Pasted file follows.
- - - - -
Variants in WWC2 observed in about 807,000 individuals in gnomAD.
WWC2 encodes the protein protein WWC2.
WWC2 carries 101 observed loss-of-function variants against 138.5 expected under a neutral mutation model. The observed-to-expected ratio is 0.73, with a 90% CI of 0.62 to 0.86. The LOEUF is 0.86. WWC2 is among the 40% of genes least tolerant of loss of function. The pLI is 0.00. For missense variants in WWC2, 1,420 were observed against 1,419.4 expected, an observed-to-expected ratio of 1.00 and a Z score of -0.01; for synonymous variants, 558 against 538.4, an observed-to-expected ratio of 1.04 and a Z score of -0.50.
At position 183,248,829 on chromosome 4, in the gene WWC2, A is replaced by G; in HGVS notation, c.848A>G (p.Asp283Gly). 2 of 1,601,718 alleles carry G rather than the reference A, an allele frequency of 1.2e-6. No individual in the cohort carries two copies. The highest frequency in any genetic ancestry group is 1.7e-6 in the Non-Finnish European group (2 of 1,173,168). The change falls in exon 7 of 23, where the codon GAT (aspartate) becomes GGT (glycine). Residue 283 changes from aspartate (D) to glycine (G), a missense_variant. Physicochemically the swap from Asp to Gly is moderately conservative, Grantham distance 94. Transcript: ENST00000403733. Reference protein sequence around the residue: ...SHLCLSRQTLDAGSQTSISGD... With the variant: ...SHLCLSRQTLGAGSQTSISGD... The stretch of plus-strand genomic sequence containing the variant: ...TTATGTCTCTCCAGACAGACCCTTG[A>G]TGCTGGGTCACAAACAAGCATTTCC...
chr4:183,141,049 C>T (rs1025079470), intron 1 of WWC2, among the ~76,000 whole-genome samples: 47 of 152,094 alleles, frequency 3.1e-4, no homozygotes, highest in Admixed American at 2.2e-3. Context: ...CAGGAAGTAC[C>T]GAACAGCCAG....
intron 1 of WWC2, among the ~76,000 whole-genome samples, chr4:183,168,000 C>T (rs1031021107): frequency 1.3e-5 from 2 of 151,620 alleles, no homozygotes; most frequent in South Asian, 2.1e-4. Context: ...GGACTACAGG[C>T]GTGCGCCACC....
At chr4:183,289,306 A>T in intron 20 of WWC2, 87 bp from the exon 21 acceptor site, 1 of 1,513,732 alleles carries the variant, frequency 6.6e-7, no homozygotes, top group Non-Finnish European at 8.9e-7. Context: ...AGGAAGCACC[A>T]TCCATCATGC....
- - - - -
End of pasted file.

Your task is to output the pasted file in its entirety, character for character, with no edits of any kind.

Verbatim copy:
Variants in WWC2 observed in about 807,000 individuals in gnomAD.
WWC2 encodes the protein protein WWC2.
WWC2 carries 101 observed loss-of-function variants against 138.5 expected under a neutral mutation model. The observed-to-expected ratio is 0.73, with a 90% CI of 0.62 to 0.86. The LOEUF is 0.86. WWC2 is among the 40% of genes least tolerant of loss of function. The pLI is 0.00. For missense variants in WWC2, 1,420 were observed against 1,419.4 expected, an observed-to-expected ratio of 1.00 and a Z score of -0.01; for synonymous variants, 558 against 538.4, an observed-to-expected ratio of 1.04 and a Z score of -0.50.
At position 183,248,829 on chromosome 4, in the gene WWC2, A is replaced by G; in HGVS notation, c.848A>G (p.Asp283Gly). 2 of 1,601,718 alleles carry G rather than the reference A, an allele frequency of 1.2e-6. No individual in the cohort carries two copies. The highest frequency in any genetic ancestry group is 1.7e-6 in the Non-Finnish European group (2 of 1,173,168). The change falls in exon 7 of 23, where the codon GAT (aspartate) becomes GGT (glycine). Residue 283 changes from aspartate (D) to glycine (G), a missense_variant. Physicochemically the swap from Asp to Gly is moderately conservative, Grantham distance 94. Transcript: ENST00000403733. Reference protein sequence around the residue: ...SHLCLSRQTLDAGSQTSISGD... With the variant: ...SHLCLSRQTLGAGSQTSISGD... The stretch of plus-strand genomic sequence containing the variant: ...TTATGTCTCTCCAGACAGACCCTTG[A>G]TGCTGGGTCACAAACAAGCATTTCC...
chr4:183,141,049 C>T (rs1025079470), intron 1 of WWC2, among the ~76,000 whole-genome samples: 47 of 152,094 alleles, frequency 3.1e-4, no homozygotes, highest in Admixed American at 2.2e-3. Context: ...CAGGAAGTAC[C>T]GAACAGCCAG....
intron 1 of WWC2, among the ~76,000 whole-genome samples, chr4:183,168,000 C>T (rs1031021107): frequency 1.3e-5 from 2 of 151,620 alleles, no homozygotes; most frequent in South Asian, 2.1e-4. Context: ...GGACTACAGG[C>T]GTGCGCCACC....
At chr4:183,289,306 A>T in intron 20 of WWC2, 87 bp from the exon 21 acceptor site, 1 of 1,513,732 alleles carries the variant, frequency 6.6e-7, no homozygotes, top group Non-Finnish European at 8.9e-7. Context: ...AGGAAGCACC[A>T]TCCATCATGC....